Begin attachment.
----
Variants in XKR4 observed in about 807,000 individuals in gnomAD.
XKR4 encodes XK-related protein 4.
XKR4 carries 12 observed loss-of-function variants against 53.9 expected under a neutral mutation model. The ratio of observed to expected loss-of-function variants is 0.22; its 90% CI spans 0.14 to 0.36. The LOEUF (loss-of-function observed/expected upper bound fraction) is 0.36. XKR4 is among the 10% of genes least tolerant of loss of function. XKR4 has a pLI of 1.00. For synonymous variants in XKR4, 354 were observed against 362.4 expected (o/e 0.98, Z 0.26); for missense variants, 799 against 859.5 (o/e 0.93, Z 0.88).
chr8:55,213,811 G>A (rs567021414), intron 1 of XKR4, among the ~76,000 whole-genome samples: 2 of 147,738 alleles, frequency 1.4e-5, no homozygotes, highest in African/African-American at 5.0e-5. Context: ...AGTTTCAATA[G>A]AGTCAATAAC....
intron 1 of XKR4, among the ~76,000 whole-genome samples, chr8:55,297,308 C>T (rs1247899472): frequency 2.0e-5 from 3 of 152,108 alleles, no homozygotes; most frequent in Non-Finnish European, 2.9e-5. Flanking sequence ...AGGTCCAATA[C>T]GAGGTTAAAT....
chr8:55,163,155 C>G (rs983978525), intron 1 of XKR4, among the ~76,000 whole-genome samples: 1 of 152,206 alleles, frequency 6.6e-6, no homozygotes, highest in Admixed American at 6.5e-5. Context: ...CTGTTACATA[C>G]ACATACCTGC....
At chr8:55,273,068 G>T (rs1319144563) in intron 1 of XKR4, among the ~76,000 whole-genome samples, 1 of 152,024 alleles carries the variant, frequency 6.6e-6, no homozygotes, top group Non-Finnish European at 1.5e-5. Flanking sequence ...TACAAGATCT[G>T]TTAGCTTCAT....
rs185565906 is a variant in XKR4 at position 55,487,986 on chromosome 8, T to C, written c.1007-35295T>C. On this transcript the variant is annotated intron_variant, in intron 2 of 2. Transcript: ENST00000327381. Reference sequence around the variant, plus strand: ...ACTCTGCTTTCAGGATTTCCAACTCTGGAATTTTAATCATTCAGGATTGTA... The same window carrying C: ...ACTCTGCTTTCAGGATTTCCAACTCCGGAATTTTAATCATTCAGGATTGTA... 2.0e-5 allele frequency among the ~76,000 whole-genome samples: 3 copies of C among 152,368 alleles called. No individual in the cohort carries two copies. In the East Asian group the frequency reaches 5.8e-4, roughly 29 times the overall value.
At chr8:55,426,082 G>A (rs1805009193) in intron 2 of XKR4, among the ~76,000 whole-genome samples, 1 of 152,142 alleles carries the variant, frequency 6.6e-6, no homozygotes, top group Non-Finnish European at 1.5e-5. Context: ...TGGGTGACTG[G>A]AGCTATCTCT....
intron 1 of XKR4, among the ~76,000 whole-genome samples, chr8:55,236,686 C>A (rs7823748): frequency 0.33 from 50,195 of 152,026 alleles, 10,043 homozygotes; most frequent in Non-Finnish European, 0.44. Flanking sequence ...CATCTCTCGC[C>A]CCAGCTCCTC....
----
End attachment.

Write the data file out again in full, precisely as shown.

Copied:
Variants in XKR4 observed in about 807,000 individuals in gnomAD.
XKR4 encodes XK-related protein 4.
XKR4 carries 12 observed loss-of-function variants against 53.9 expected under a neutral mutation model. The ratio of observed to expected loss-of-function variants is 0.22; its 90% CI spans 0.14 to 0.36. The LOEUF (loss-of-function observed/expected upper bound fraction) is 0.36. XKR4 is among the 10% of genes least tolerant of loss of function. XKR4 has a pLI of 1.00. For synonymous variants in XKR4, 354 were observed against 362.4 expected (o/e 0.98, Z 0.26); for missense variants, 799 against 859.5 (o/e 0.93, Z 0.88).
chr8:55,213,811 G>A (rs567021414), intron 1 of XKR4, among the ~76,000 whole-genome samples: 2 of 147,738 alleles, frequency 1.4e-5, no homozygotes, highest in African/African-American at 5.0e-5. Context: ...AGTTTCAATA[G>A]AGTCAATAAC....
intron 1 of XKR4, among the ~76,000 whole-genome samples, chr8:55,297,308 C>T (rs1247899472): frequency 2.0e-5 from 3 of 152,108 alleles, no homozygotes; most frequent in Non-Finnish European, 2.9e-5. Flanking sequence ...AGGTCCAATA[C>T]GAGGTTAAAT....
chr8:55,163,155 C>G (rs983978525), intron 1 of XKR4, among the ~76,000 whole-genome samples: 1 of 152,206 alleles, frequency 6.6e-6, no homozygotes, highest in Admixed American at 6.5e-5. Context: ...CTGTTACATA[C>G]ACATACCTGC....
At chr8:55,273,068 G>T (rs1319144563) in intron 1 of XKR4, among the ~76,000 whole-genome samples, 1 of 152,024 alleles carries the variant, frequency 6.6e-6, no homozygotes, top group Non-Finnish European at 1.5e-5. Flanking sequence ...TACAAGATCT[G>T]TTAGCTTCAT....
rs185565906 is a variant in XKR4 at position 55,487,986 on chromosome 8, T to C, written c.1007-35295T>C. On this transcript the variant is annotated intron_variant, in intron 2 of 2. Transcript: ENST00000327381. Reference sequence around the variant, plus strand: ...ACTCTGCTTTCAGGATTTCCAACTCTGGAATTTTAATCATTCAGGATTGTA... The same window carrying C: ...ACTCTGCTTTCAGGATTTCCAACTCCGGAATTTTAATCATTCAGGATTGTA... 2.0e-5 allele frequency among the ~76,000 whole-genome samples: 3 copies of C among 152,368 alleles called. No individual in the cohort carries two copies. In the East Asian group the frequency reaches 5.8e-4, roughly 29 times the overall value.
At chr8:55,426,082 G>A (rs1805009193) in intron 2 of XKR4, among the ~76,000 whole-genome samples, 1 of 152,142 alleles carries the variant, frequency 6.6e-6, no homozygotes, top group Non-Finnish European at 1.5e-5. Context: ...TGGGTGACTG[G>A]AGCTATCTCT....
intron 1 of XKR4, among the ~76,000 whole-genome samples, chr8:55,236,686 C>A (rs7823748): frequency 0.33 from 50,195 of 152,026 alleles, 10,043 homozygotes; most frequent in Non-Finnish European, 0.44. Flanking sequence ...CATCTCTCGC[C>A]CCAGCTCCTC....